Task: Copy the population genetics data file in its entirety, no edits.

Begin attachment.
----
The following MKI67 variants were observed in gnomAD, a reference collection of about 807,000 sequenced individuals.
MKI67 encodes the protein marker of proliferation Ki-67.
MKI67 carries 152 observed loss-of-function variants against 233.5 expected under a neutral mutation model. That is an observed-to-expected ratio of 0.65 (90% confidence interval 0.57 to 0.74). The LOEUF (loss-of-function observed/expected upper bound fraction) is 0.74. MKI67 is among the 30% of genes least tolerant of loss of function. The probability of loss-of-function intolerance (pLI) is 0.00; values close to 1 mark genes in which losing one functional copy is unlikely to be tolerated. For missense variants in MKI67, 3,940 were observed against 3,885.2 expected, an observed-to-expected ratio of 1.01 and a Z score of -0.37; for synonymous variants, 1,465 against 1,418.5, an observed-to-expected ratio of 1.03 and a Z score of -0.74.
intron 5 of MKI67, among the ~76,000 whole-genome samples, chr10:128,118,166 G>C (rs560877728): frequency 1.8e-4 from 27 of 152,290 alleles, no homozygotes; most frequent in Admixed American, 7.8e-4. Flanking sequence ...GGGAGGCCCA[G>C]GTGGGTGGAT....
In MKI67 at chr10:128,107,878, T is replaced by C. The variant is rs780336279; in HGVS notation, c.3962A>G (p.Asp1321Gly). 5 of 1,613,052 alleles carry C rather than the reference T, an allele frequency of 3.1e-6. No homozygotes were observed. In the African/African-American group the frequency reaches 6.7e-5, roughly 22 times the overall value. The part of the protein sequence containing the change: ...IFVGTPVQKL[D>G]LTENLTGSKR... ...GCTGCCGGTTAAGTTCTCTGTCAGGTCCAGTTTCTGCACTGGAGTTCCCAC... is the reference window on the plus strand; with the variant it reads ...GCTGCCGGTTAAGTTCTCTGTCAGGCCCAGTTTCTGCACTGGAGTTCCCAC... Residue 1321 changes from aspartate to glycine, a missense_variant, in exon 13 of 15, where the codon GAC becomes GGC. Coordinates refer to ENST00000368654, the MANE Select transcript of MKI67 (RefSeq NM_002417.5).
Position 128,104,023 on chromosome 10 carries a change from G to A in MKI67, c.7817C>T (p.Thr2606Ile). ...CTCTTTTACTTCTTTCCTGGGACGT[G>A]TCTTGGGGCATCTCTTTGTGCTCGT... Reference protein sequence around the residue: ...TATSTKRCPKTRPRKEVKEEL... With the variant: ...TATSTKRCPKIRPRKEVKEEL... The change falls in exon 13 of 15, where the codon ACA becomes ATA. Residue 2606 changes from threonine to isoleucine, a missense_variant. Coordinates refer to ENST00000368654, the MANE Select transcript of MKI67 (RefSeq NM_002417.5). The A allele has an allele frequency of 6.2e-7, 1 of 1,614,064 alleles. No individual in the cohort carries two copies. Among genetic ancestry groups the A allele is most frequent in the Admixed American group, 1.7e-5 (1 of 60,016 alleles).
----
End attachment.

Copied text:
The following MKI67 variants were observed in gnomAD, a reference collection of about 807,000 sequenced individuals.
MKI67 encodes the protein marker of proliferation Ki-67.
MKI67 carries 152 observed loss-of-function variants against 233.5 expected under a neutral mutation model. That is an observed-to-expected ratio of 0.65 (90% confidence interval 0.57 to 0.74). The LOEUF (loss-of-function observed/expected upper bound fraction) is 0.74. MKI67 is among the 30% of genes least tolerant of loss of function. The probability of loss-of-function intolerance (pLI) is 0.00; values close to 1 mark genes in which losing one functional copy is unlikely to be tolerated. For missense variants in MKI67, 3,940 were observed against 3,885.2 expected, an observed-to-expected ratio of 1.01 and a Z score of -0.37; for synonymous variants, 1,465 against 1,418.5, an observed-to-expected ratio of 1.03 and a Z score of -0.74.
intron 5 of MKI67, among the ~76,000 whole-genome samples, chr10:128,118,166 G>C (rs560877728): frequency 1.8e-4 from 27 of 152,290 alleles, no homozygotes; most frequent in Admixed American, 7.8e-4. Flanking sequence ...GGGAGGCCCA[G>C]GTGGGTGGAT....
In MKI67 at chr10:128,107,878, T is replaced by C. The variant is rs780336279; in HGVS notation, c.3962A>G (p.Asp1321Gly). 5 of 1,613,052 alleles carry C rather than the reference T, an allele frequency of 3.1e-6. No homozygotes were observed. In the African/African-American group the frequency reaches 6.7e-5, roughly 22 times the overall value. The part of the protein sequence containing the change: ...IFVGTPVQKL[D>G]LTENLTGSKR... ...GCTGCCGGTTAAGTTCTCTGTCAGGTCCAGTTTCTGCACTGGAGTTCCCAC... is the reference window on the plus strand; with the variant it reads ...GCTGCCGGTTAAGTTCTCTGTCAGGCCCAGTTTCTGCACTGGAGTTCCCAC... Residue 1321 changes from aspartate to glycine, a missense_variant, in exon 13 of 15, where the codon GAC becomes GGC. Coordinates refer to ENST00000368654, the MANE Select transcript of MKI67 (RefSeq NM_002417.5).
Position 128,104,023 on chromosome 10 carries a change from G to A in MKI67, c.7817C>T (p.Thr2606Ile). ...CTCTTTTACTTCTTTCCTGGGACGT[G>A]TCTTGGGGCATCTCTTTGTGCTCGT... Reference protein sequence around the residue: ...TATSTKRCPKTRPRKEVKEEL... With the variant: ...TATSTKRCPKIRPRKEVKEEL... The change falls in exon 13 of 15, where the codon ACA becomes ATA. Residue 2606 changes from threonine to isoleucine, a missense_variant. Coordinates refer to ENST00000368654, the MANE Select transcript of MKI67 (RefSeq NM_002417.5). The A allele has an allele frequency of 6.2e-7, 1 of 1,614,064 alleles. No individual in the cohort carries two copies. Among genetic ancestry groups the A allele is most frequent in the Admixed American group, 1.7e-5 (1 of 60,016 alleles).